Imatges de pàgina

SCENE changes to the Palace.

Enter Trumpets founding; then two Aldermen, Lord Mayor, Garter, Cranmer, Duke of Norfolk with his Marshal's ftaff, Duke of Suffolk, two Noblemen bearing great fanding bowls for the chriftning gifts; then four Noblemen bearing a canopy, under which the Dutchess of Norfolk, god mother, bearing the child richly habited in a mantle, &c. Train born by a lady: then follows the Marchioness of Dorset, the other god-mother, and ladies. The troop pass once about the ftage, and Garter speaks. Gart. Heav'n, from thy endless goodness fend long life, And ever happy, to the high and mighty Princefs of England, fair Elizabeth!

Flourish. Enter King and Guard.

Cran. And to your royal Grace, and the good Queen, My noble partners and myself thus pray; All comfort, joy, in this moft gracious lady, That heav'n e'er laid up to make parents happy, May hourly fall upon ye!

King. Thank you, good lord Arch-bishop: What is her name?

Cran. Elizabeth.

King. Stand up, lord.

With this kifs take my bleffing: God protect thee,
Into whofe hand I give thy life.

Cran. Amen.

King. My noble goffips, y'have been too prodigal,
I thank you heartily: fo fhall this lady,
When she has so much English.

Cran. Let me speak, Sir;

(For Heav'n now bids me) and the words I utter,
Let none think flattery, for they'll find 'em truth.
This royal Infant, (heaven ftill move about her)
Though in her cradle, yet now promises
Upon this land a thousand thousand bleffings,
Which time shall bring to ripeness. She shall be


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(But few or none living can behold that goodness)
A pattern to all Princes living with her,
And all that fhall fucceed. Sheba was never
More covetous of wisdom and fair virtue,
Than this bleft foul fhall be. All Princely graces,
That mould up fuch a mighty piece as this,
With all the virtues that attend the good,

Shall ftill be doubled on her. Truth fhall nurse her:
Holy and heav'nly thoughts ftill counsel her:

She fhall be lov'd and fear'd. Her own fhall bless her;
Her foes fhake, like a field of beaten corn,
And hang their heads with forrow, Good grows with her.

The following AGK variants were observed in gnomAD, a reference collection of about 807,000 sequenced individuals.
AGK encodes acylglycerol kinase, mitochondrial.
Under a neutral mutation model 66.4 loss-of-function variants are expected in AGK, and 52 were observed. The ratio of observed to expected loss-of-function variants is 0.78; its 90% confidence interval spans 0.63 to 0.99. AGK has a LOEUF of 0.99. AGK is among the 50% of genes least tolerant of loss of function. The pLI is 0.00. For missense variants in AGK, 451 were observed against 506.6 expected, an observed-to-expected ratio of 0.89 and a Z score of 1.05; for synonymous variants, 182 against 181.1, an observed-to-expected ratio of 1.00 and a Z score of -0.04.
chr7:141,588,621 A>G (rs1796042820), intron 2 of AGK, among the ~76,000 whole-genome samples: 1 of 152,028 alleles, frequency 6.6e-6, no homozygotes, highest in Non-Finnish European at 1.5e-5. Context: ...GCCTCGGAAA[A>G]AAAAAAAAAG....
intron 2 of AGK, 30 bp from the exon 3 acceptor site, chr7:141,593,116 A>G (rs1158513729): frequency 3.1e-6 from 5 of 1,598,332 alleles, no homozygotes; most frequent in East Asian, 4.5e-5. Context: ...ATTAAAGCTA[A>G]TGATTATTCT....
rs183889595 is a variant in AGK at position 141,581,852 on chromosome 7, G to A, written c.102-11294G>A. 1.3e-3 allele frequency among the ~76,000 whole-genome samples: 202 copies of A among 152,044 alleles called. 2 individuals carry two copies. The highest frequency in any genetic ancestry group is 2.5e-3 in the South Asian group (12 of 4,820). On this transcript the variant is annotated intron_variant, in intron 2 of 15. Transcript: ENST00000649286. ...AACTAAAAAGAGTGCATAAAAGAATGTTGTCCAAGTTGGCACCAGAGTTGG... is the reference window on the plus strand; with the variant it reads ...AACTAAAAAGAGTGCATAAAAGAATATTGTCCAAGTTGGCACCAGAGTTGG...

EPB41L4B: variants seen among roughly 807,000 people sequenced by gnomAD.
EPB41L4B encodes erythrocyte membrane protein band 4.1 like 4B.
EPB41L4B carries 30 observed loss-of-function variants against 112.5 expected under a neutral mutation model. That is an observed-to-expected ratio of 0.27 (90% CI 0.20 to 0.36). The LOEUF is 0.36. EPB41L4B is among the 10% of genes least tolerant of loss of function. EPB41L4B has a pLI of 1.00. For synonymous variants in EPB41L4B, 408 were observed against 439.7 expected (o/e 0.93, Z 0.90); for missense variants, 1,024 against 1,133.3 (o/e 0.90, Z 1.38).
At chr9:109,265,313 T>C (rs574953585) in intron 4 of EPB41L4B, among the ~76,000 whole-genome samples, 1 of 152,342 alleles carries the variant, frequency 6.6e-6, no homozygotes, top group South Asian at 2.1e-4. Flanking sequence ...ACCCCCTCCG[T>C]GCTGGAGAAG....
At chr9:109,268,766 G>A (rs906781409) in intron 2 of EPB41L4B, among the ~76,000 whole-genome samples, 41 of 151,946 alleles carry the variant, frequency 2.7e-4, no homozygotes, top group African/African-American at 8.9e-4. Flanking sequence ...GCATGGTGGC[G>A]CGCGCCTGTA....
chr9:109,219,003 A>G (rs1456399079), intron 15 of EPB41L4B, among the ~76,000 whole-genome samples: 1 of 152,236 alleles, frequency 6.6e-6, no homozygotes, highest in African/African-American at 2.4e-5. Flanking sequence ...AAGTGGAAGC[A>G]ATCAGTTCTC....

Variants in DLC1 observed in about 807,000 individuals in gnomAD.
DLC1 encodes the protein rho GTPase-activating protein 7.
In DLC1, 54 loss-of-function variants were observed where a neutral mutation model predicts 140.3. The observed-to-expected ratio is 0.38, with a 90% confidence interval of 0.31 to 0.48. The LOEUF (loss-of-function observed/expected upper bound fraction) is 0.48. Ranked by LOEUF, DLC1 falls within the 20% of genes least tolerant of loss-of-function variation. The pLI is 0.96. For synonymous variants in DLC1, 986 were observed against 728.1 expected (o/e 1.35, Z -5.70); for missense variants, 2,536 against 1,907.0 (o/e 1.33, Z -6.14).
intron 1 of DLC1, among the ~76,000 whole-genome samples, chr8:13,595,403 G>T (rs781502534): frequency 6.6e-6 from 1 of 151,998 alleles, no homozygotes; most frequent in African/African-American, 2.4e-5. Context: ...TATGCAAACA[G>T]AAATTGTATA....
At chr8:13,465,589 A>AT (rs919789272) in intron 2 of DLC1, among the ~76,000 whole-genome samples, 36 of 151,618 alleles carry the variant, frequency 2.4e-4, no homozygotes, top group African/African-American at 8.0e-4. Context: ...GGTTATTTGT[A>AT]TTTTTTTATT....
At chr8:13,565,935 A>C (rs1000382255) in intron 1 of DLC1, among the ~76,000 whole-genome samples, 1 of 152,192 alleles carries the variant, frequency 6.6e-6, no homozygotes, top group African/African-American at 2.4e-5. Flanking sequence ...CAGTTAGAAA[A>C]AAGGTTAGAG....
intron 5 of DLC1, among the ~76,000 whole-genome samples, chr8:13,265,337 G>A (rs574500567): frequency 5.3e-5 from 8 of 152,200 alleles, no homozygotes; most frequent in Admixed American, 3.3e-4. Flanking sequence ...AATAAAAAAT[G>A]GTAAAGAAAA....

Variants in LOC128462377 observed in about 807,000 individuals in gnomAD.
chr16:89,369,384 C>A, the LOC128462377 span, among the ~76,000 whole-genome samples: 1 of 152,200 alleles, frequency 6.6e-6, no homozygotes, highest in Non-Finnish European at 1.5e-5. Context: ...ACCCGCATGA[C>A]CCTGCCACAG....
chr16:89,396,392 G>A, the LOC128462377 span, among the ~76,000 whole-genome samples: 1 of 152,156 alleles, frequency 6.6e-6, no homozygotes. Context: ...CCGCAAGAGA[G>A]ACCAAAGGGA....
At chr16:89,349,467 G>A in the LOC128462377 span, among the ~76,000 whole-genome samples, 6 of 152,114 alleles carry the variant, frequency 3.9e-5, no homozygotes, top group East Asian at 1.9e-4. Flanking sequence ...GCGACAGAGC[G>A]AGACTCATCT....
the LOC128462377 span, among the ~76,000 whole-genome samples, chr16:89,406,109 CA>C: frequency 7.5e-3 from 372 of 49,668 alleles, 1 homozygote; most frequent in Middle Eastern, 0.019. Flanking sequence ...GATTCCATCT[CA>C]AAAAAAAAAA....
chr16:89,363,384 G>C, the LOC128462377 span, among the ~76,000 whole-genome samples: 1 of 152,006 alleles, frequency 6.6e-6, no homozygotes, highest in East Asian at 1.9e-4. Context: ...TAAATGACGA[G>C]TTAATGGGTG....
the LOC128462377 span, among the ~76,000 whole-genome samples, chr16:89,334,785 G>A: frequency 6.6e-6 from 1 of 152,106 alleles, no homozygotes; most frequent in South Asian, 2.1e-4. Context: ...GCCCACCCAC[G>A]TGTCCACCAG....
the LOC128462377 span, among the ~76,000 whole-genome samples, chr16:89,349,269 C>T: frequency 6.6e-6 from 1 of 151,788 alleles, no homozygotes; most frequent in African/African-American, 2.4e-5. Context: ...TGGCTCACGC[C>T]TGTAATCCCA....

In her days, ev'ry man fhall eat in fafety,
Under his own vine, what he plants; and fing
The merry fongs of peace to all his neighbours.
God fhall be truly known, and those about her
From her fhall read the perfect ways of honour,
And claim by those their Greatness, not by blood.
Nor fhall this peace fleep with her; but as when
The bird of wonder dies, the maiden Phoenix,
Her ashes new create another heir,
As great in admiration as herself;

So fhall fhe leave her bleffedness to one,

(When heav'n fhall call her from this cloud of darkness) Who from the facred ashes of her honour

Shall star like rise, as great in fame as she was,

And fo stand fix'd. Peace, Plenty, Love, Truth, Terrour,
That were the fervants to this chofen infant,
Shall then be his, and like a vine grow to him;
Where-ever the bright fun of heav'n fhall shine,
His honour and the greatness of his name

Shall be, and make new nations. He fhall flourish,
And, like a mountain cedar, reach his branches
To all the plains about him: childrens' children
Shall fee this, and blefs heav'n.

King. Thou fpeakest wonders.

Cran. She fhall be, to the happiness of England,
An aged Princefs; many days shall see her,
And yet no day without a deed to crown it.


'Would, I had known no more! but fhe muft die, (19)
She muft, the Saints must have her yet a Virgin!
A moft unspotted lilly fhe fhall pafs

To th' ground, and all the world shall mourn her,
King. O lord Arch-bifhop,

Thou't made me now a man; never, before
This happy child, did I get any thing.
This oracle of comfort has fo pleas'd me,
That when I am in heav'n, I shall defire
To fee what this child does, and praise my maker.
I thank ye all.To you, my good Lord Mayor,
And your good brethren, I am much beholden: (20)
I have receiv'd much honour by your presence,
And ye fhall find me thankful. Lead the way, lords:
Ye must all fee the Queen, and she must thank ye,
She will be fick elfe. This day no man think,
H'as business at his house, for all shall stay;
This little one shall make it holy-day.


(19) Would I had known no more: but She must die, She muft, the Saints must have her; yet a Virgin, A most unfpotted Lilly, &c.] Thus the Editors hitherto, in their Sagacity, have pointed this Paffage, and destroy'd the true Senfe of it. The first part of this Sentence is a Wish: The other fhould be a forrowful Continuation of the Bishop's Prophecy. But, fure, Cranmer was too wife and pious a Man, too well acquainted with the State of Mortality, to make it a part of his Lamentation that this good Princefs must one time or other go to Heaven. As I point it, the Poet makes a fine Compliment to his Royal Mistress's Memory, to lament that the muft die without leaving an Heir of her Body behind her.

(20) And you good Brethren,] But, the Aldermen never wer● call'd Brethren to the King. The Top of the Nobility are but Coufins and Counsellors. Dr. Thirlby, therefore, rightly advised; And your good Brethren

i. e. the Lord Mayor's Brethren; which is properly their Style.

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IS ten to one, this Plag can never please
All that are here: Some come to take their cafe,
And fleep an act or two; but those, we fear,
We've frighted with our trumpets; fo'tis clear,
They'll fay, it's naught. Others, to hear the city
Abus'd extremely, and to cry, That's witty!
Which we have not done neither: that, I fear,
All the expected Good w'are like to hear
For this Play at this time, is only in
The merciful conftruction of good wom'n;
(For fuch a one we fhew'd 'em) If they fmile,
And fay, 'twill do; I know within a while
All the beft men are ours; for 'tis ill hap,
If they hold, when their ladies bid'em clap.

The End of the Fifth Volume.

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